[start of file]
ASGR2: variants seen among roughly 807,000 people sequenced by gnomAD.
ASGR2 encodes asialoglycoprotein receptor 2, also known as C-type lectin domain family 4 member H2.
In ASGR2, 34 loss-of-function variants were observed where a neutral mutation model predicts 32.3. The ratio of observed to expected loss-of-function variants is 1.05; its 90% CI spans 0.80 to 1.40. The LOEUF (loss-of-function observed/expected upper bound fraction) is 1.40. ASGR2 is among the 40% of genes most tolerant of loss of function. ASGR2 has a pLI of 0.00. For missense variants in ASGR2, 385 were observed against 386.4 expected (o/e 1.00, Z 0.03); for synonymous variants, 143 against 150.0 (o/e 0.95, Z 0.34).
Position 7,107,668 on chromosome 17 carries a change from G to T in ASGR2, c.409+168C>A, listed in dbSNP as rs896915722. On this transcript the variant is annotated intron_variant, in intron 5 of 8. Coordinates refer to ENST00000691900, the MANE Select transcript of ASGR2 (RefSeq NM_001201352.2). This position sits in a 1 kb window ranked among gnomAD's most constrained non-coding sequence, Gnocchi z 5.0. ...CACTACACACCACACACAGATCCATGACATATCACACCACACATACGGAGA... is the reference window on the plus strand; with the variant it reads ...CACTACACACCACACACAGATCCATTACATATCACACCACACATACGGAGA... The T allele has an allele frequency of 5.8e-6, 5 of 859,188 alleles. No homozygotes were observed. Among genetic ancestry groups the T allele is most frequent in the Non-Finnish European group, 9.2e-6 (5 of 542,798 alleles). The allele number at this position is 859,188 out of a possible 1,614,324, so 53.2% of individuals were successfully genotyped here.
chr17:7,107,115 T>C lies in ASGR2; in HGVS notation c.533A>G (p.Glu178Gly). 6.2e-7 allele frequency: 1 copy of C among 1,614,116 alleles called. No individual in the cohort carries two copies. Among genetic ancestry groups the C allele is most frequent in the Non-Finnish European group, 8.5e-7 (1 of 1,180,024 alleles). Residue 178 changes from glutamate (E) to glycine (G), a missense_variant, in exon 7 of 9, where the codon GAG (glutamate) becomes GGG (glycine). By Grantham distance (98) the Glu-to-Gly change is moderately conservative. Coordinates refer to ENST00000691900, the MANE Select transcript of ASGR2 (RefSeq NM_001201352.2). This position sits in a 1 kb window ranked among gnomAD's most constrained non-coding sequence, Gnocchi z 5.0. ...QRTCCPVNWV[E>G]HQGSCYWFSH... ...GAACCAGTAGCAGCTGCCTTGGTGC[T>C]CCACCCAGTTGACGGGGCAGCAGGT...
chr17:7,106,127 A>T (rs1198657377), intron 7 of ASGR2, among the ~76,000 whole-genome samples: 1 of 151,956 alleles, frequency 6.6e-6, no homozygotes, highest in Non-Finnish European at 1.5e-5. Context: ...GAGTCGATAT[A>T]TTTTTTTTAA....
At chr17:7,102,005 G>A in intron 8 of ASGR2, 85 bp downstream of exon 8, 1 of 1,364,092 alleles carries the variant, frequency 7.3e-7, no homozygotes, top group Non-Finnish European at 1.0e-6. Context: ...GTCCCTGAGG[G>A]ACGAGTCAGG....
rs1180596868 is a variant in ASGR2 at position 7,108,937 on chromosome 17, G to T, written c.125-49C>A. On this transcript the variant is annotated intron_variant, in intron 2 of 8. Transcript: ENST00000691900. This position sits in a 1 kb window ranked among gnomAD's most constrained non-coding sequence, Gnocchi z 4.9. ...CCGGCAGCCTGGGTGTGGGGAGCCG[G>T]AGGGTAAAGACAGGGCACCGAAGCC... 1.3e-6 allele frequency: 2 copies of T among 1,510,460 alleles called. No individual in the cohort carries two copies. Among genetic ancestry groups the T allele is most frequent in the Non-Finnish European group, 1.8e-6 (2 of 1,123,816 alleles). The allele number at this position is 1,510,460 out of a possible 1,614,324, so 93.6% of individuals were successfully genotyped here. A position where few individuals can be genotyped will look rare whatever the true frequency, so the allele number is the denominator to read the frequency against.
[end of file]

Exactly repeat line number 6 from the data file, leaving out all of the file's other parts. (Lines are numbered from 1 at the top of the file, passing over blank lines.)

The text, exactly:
chr17:7,106,127 A>T (rs1198657377), intron 7 of ASGR2, among the ~76,000 whole-genome samples: 1 of 151,956 alleles, frequency 6.6e-6, no homozygotes, highest in Non-Finnish European at 1.5e-5. Context: ...GAGTCGATAT[A>T]TTTTTTTTAA....